A clogged air filter on a motorcycle is another possible culprit for sputtering issues. If an air filter is dirty and clogged, the engine will not be able to get enough air into the air/fuel mixture it needs to properly power the motorcycle.
Air filters need to be changed out routinely, and people often forget to pay attention to them until they start giving them problems.
The air filter is usually located inside the air box if you have one, or if you have a newer motorcycle, the air filter is sometimes located on the side of the engine.
If you have pod filters, examine them to make sure there isn’t some sort of residue on them that’s preventing air from flowing through them.
A motorcycle can sputter due to timing issues. It’s unusual for the timing to start getting off by itself, and it’s usually caused by either someone rebuilding the engine and getting the timing off or someone previously attempting to fix the timing.
Off-timing of the engine could mean that the exhaust or intake valves are still slightly open during the combustion stroke of the four-stroke process, resulting in sputters and the motorcycle not running properly.
5. Sputtering Due To Fuel Injection Issue
Modern motorcycles now have fuel injection systems in place of carburetors. Because it is a more effective approach, it is gaining popularity every day.
Most frequently, a fuel filter or fuel pump will cause sputtering in a fuel injection system.
Because carburetors are so delicate, the air/fuel mixture can be adjusted. This is done by carefully turning the air/fuel adjustment screw on the carburetor body. This will either add or reduce fuel in the mixture.
If you have more than one carburetor, it’s a good idea to change all the float bowl gaskets because they’re probably worn out too.
2. Remove or replace a clogged air filter
You can fix your sputtering problem and the bike’s performance right away by removing and replacing a clogged air filter. The fix is inexpensive and simple.
Try blowing compressed air all around the filter to get rid of dust and dirt if you need to travel a distance before changing the filter. This is only a short-term fix; you should change the air filter right away.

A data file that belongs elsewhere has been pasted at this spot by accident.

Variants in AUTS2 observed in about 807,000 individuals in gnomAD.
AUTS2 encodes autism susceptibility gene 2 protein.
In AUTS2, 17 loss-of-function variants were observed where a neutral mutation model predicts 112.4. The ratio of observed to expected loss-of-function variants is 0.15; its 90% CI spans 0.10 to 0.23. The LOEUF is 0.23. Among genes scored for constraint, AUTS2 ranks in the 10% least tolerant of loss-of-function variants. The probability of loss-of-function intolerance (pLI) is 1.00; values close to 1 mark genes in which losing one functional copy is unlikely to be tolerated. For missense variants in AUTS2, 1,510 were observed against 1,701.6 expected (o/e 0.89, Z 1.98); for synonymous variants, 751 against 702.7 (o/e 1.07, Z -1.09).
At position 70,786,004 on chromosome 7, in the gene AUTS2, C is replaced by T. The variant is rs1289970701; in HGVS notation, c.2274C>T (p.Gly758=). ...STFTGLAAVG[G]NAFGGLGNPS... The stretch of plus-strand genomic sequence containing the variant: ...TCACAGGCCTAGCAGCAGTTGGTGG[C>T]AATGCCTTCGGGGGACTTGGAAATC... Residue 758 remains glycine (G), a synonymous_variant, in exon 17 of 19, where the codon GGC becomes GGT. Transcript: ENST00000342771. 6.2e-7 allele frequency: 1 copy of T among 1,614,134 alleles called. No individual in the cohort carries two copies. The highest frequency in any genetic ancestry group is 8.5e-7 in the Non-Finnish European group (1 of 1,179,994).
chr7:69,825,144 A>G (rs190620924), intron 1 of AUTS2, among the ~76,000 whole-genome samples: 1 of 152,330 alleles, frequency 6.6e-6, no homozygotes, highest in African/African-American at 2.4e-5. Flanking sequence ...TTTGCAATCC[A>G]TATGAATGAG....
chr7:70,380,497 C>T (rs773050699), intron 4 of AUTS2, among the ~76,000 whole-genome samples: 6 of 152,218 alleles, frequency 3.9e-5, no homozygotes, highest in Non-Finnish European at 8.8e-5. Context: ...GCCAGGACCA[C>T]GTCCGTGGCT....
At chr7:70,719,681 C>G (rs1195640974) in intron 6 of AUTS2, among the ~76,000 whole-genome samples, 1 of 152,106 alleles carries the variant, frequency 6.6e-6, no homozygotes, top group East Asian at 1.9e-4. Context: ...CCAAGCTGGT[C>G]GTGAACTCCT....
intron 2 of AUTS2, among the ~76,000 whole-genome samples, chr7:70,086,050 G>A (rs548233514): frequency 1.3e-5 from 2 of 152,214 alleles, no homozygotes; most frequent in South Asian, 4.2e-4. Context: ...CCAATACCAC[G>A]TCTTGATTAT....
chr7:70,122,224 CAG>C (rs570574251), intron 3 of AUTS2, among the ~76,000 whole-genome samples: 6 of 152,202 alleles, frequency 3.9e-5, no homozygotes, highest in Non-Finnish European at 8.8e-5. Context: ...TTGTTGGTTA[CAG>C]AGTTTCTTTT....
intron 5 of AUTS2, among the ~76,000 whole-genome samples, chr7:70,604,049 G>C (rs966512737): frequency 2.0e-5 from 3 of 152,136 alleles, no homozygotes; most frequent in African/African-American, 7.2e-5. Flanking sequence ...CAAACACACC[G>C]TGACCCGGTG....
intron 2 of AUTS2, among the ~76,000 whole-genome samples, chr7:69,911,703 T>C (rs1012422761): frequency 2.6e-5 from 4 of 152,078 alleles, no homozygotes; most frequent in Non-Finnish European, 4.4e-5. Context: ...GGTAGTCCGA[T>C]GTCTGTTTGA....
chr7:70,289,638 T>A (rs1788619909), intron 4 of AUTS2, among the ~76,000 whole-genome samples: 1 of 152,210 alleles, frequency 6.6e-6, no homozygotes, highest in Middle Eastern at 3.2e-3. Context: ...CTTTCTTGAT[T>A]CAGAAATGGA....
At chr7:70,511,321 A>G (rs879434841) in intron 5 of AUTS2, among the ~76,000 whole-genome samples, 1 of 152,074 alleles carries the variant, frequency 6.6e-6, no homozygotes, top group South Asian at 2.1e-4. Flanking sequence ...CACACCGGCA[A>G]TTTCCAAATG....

Make sure the bike is off before removing the rubber spark plug caps to examine your spark plugs. To inspect the insulator tips, gently remove the spark plugs using the proper size spark plug socket.
Replace the spark plugs with new ones if the sparblack is bent or the ceramic element is damaged.
It will also need to be replaced with new ones if the buildup on the spark plug insulator tip prevents it from producing the necessary amount of spark for combustion.
The color of the buildup on the insulator tips is one indicator of your air/fuel ratio.
You are running too much fuel if it appears black or like charcoal. You are running too lean if a white, chalky deposit is visible on the metal of the insulator tip.
This may be changed at the carburetor and will stop the bike’s sputtering ignition problems.
To fix the spark plug wires
If, upon inspection of the wire, you discover that it has been damaged in any way, then you will be required to replace it.
To fix the ignition coil
After determining that the issue is with the ignition coil, you will be required to replace the ignition coil in order to fix the problem.
The engine may have incorrect timing if, for example, the exhaust valve or the intake valve is left slightly open during the combustion stroke of the four-stroke process.
This results in sputters, and the motorcycle will not run in the correct manner.
Having a professional mechanic examine a motorcycle is your best bet for determining whether or not there is a problem with the bike’s timing.
If you are not an expert in the field, it is not recommended that you attempt to diagnose the problem on your own.
Repairs performed by inexperienced mechanics on the timing of a motorcycle are likely to result in additional problems.
The problem can be quickly identified by a mechanic, who in most cases will not charge very much for the diagnosis alone.
5. Fix Fuel Injection System Issue
In order to investigate the issue, you can carry out a test that is known as a fuel flow test.
If there is a problem with the ignition system, then you may correct it by evaluating the problem by doing this test on the fuel filter and the fuel pump. If there is a problem, then you can fix it.
I really hope you were able to figure out why your bike is lurching forward.
Fortunately, the majority of these issues, such as the carburetor and ignition issues, are relatively easy to diagnose and fix; however, the issues with the engine timing will require a significantly higher level of technical knowledge.
And having a mechanic take care of some of the problems on the inside of your vehicle for you isn’t such a bad idea, after all.